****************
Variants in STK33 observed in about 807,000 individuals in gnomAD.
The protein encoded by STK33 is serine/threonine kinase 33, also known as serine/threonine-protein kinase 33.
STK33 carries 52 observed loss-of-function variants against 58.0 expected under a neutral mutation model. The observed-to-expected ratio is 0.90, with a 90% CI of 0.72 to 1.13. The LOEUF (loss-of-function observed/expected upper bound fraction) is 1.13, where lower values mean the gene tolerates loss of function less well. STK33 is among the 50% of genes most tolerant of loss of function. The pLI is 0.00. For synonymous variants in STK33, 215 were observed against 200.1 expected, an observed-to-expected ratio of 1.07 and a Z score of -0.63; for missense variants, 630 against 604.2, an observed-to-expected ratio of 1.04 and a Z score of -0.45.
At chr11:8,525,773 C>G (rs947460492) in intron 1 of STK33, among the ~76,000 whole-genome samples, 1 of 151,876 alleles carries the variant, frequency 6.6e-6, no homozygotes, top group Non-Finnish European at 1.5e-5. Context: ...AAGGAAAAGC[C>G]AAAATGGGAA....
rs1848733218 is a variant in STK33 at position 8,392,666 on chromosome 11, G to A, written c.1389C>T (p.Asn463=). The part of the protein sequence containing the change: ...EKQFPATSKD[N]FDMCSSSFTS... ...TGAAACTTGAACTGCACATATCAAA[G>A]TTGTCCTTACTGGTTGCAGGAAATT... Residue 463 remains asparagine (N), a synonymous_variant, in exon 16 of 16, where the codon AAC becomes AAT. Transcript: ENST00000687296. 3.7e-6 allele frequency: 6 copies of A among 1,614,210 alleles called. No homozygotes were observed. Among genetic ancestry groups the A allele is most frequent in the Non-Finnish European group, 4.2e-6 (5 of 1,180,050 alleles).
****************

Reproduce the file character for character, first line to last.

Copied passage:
Variants in STK33 observed in about 807,000 individuals in gnomAD.
The protein encoded by STK33 is serine/threonine kinase 33, also known as serine/threonine-protein kinase 33.
STK33 carries 52 observed loss-of-function variants against 58.0 expected under a neutral mutation model. The observed-to-expected ratio is 0.90, with a 90% CI of 0.72 to 1.13. The LOEUF (loss-of-function observed/expected upper bound fraction) is 1.13, where lower values mean the gene tolerates loss of function less well. STK33 is among the 50% of genes most tolerant of loss of function. The pLI is 0.00. For synonymous variants in STK33, 215 were observed against 200.1 expected, an observed-to-expected ratio of 1.07 and a Z score of -0.63; for missense variants, 630 against 604.2, an observed-to-expected ratio of 1.04 and a Z score of -0.45.
At chr11:8,525,773 C>G (rs947460492) in intron 1 of STK33, among the ~76,000 whole-genome samples, 1 of 151,876 alleles carries the variant, frequency 6.6e-6, no homozygotes, top group Non-Finnish European at 1.5e-5. Context: ...AAGGAAAAGC[C>G]AAAATGGGAA....
rs1848733218 is a variant in STK33 at position 8,392,666 on chromosome 11, G to A, written c.1389C>T (p.Asn463=). The part of the protein sequence containing the change: ...EKQFPATSKD[N]FDMCSSSFTS... ...TGAAACTTGAACTGCACATATCAAA[G>A]TTGTCCTTACTGGTTGCAGGAAATT... Residue 463 remains asparagine (N), a synonymous_variant, in exon 16 of 16, where the codon AAC becomes AAT. Transcript: ENST00000687296. 3.7e-6 allele frequency: 6 copies of A among 1,614,210 alleles called. No homozygotes were observed. Among genetic ancestry groups the A allele is most frequent in the Non-Finnish European group, 4.2e-6 (5 of 1,180,050 alleles).